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1205 St. Charles Condominium Assoc. Inc. v. Abel

Court of Appeals of Louisiana, Fourth Circuit

December 19, 2018


          APPEAL FROM FIRST CITY COURT OF NEW ORLEANS NO. 2018-02442, SECTION "B" Honorable Angelique A. Reed, Judge



          Court composed of Chief Judge James F. McKay, III, Judge Daniel L. Dysart, Judge Regina Bartholomew-Woods

          Daniel L. Dysart Judge

         In this eviction proceeding, defendant-appellant, Clifford Abel, appeals a trial court judgment, in favor of plaintiff-appellee, 1205 St. Charles Condominium Association, Inc. (hereafter, the "SCCA"), which ordered that Mr. Abel vacate the premises he leased. For the reasons set forth more fully herein, we affirm the trial court's judgment.


         On April 5, 2018, the SCCA filed a Rule for Possession of Premises ("Rule"), seeking to have Mr. Abel and June Abel evicted from 1205 St. Charles Avenue, unit 405, New Orleans, Louisiana. The basis of this Rule was Mr. Abel's alleged violation of several provisions of the lease. Attached to the Rule was a copy of the lease; the SCCA's Declarations, By-Laws and Rules and Regulations; a February 15, 2018 letter to Mr. Abel advising of the SCCA's intent to cancel the lease and commence eviction proceedings on March 19, 2018; and a March 12, 2018 letter to Mr. Abel requiring that he vacate the property no later than March 20, 2018.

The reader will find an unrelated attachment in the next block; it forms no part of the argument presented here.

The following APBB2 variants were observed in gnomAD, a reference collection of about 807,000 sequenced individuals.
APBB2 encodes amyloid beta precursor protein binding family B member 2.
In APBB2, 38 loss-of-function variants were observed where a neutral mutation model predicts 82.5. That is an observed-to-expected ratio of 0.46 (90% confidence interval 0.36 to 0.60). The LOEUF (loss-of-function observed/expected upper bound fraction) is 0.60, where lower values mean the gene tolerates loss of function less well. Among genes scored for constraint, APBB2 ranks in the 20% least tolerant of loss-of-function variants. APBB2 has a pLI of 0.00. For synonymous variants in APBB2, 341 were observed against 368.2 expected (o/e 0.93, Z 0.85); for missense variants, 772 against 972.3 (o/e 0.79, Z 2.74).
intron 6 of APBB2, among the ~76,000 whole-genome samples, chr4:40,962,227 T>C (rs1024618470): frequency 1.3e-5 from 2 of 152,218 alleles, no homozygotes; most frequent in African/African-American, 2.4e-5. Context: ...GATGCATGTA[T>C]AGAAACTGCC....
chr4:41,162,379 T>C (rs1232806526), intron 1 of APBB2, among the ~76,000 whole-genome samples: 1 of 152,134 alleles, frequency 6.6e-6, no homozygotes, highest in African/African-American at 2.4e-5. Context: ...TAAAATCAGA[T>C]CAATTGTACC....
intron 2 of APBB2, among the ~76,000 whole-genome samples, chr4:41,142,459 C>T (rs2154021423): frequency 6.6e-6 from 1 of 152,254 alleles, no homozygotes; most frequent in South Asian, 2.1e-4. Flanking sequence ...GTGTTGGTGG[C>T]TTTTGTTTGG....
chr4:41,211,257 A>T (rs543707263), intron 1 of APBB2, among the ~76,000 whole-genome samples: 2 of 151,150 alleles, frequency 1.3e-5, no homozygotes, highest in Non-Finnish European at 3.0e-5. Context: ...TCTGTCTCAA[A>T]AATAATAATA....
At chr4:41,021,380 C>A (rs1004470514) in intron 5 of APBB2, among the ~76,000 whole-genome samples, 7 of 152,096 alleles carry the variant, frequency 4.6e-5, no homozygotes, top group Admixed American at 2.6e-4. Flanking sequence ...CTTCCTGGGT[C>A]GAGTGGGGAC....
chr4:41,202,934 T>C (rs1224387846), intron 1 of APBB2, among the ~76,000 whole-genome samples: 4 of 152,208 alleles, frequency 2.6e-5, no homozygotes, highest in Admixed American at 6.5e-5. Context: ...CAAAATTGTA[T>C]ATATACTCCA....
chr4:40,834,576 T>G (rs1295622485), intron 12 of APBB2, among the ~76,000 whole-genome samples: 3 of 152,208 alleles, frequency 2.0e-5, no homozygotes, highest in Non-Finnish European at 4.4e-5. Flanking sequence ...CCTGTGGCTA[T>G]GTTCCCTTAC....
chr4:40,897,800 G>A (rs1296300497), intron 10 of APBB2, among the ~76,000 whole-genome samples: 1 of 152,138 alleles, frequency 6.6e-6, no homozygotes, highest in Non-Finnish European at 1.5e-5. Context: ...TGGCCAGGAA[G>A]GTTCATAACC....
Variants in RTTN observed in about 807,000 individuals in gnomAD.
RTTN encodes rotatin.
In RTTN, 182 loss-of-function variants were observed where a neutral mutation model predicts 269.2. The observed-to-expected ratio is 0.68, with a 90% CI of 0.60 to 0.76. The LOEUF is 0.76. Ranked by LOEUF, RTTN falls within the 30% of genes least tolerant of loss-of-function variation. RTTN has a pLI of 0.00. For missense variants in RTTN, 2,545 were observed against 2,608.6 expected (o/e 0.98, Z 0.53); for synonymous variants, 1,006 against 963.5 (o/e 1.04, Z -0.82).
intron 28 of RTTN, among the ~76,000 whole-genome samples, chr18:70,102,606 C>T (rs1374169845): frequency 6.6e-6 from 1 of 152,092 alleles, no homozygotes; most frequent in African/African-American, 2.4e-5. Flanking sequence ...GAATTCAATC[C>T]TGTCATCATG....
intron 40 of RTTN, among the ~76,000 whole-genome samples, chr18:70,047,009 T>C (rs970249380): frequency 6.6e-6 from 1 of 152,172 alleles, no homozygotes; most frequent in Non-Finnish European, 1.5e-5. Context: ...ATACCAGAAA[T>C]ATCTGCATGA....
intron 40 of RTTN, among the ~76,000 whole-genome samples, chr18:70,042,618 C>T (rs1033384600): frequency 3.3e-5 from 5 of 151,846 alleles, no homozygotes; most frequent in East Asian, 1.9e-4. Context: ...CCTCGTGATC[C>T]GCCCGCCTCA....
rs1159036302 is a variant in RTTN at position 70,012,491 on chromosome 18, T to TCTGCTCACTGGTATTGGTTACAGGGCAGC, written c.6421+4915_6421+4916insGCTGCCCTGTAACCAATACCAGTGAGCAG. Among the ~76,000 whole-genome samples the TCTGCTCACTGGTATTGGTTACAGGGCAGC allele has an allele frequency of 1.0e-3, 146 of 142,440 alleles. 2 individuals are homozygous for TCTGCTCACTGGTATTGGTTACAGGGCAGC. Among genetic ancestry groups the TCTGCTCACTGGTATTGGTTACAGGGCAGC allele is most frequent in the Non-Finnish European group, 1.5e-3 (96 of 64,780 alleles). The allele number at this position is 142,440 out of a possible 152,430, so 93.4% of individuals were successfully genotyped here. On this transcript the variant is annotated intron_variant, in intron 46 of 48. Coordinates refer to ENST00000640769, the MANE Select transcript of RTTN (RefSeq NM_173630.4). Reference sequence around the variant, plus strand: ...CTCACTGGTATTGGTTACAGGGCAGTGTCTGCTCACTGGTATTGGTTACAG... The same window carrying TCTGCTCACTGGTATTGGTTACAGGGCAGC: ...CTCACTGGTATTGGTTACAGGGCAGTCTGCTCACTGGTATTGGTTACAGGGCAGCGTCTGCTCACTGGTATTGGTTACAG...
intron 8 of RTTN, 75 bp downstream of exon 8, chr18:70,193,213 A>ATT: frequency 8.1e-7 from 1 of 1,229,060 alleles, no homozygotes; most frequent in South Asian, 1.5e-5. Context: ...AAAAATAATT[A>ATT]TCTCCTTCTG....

In response, on April 12, 2018, Mr. Abel filed exceptions to the Rule. Those exceptions included the following arguments: (1) the Rule was "moot" because of insufficient notice; (2) the "owner of the leasehold" is not the SCCA and therefore, the proceeding lacked an indispensable party;[1] (3) Mr. Abel's mother, who resides in Florida, "is an executor of the lease," and was a necessary party to the proceedings upon whom notice and service of the Rule was required; (4) the SCCA did not establish by what authority it sought to evict him; (5) the events giving rise to the allegations of Mr. Abel's violations of the lease occurred prior to December 1, 2017 and were thus "moot;" (6) Mr. Abel "received no notices oral or written from" the manager or assistant manager; and (7) the allegations against Mr. Abel were false and he "never harassed or intimidated other resident[s]."